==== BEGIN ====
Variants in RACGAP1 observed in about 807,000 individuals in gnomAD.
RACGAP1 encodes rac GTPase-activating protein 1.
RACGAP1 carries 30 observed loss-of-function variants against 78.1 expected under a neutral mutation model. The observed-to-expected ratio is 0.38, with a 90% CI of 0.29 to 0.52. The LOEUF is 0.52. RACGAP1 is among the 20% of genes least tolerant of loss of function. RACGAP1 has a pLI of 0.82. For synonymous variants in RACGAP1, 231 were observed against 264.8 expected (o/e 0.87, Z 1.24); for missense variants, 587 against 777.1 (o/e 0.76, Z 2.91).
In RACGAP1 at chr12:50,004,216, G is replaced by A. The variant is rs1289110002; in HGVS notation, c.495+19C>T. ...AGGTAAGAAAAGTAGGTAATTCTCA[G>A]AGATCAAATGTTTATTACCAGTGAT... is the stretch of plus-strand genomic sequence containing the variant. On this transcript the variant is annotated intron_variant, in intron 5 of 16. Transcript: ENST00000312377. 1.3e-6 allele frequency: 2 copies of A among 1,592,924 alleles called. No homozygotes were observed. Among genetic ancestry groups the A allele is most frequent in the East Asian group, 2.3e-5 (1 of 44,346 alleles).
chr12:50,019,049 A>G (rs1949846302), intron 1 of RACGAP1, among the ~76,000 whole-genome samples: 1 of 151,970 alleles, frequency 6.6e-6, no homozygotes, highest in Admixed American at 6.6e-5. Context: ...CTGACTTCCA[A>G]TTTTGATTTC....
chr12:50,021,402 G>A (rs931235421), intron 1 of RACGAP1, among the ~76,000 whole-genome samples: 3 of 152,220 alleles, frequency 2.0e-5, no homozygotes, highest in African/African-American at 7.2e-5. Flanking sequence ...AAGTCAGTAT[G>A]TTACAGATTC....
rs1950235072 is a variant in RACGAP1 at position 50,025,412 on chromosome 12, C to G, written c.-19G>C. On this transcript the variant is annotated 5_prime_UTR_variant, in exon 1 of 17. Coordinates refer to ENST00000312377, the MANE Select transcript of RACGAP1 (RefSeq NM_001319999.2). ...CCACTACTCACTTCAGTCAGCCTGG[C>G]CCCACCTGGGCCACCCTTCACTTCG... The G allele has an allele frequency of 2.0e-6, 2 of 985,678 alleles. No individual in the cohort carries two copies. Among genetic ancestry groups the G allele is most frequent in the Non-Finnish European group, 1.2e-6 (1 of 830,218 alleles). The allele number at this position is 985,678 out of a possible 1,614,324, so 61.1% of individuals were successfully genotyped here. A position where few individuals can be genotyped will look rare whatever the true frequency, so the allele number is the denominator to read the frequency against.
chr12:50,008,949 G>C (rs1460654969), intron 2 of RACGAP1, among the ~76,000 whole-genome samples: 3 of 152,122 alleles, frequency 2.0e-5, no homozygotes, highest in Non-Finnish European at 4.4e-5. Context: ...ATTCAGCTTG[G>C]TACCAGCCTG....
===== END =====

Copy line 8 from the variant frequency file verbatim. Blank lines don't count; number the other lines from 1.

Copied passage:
chr12:50,008,949 G>C (rs1460654969), intron 2 of RACGAP1, among the ~76,000 whole-genome samples: 3 of 152,122 alleles, frequency 2.0e-5, no homozygotes, highest in Non-Finnish European at 4.4e-5. Context: ...ATTCAGCTTG[G>C]TACCAGCCTG....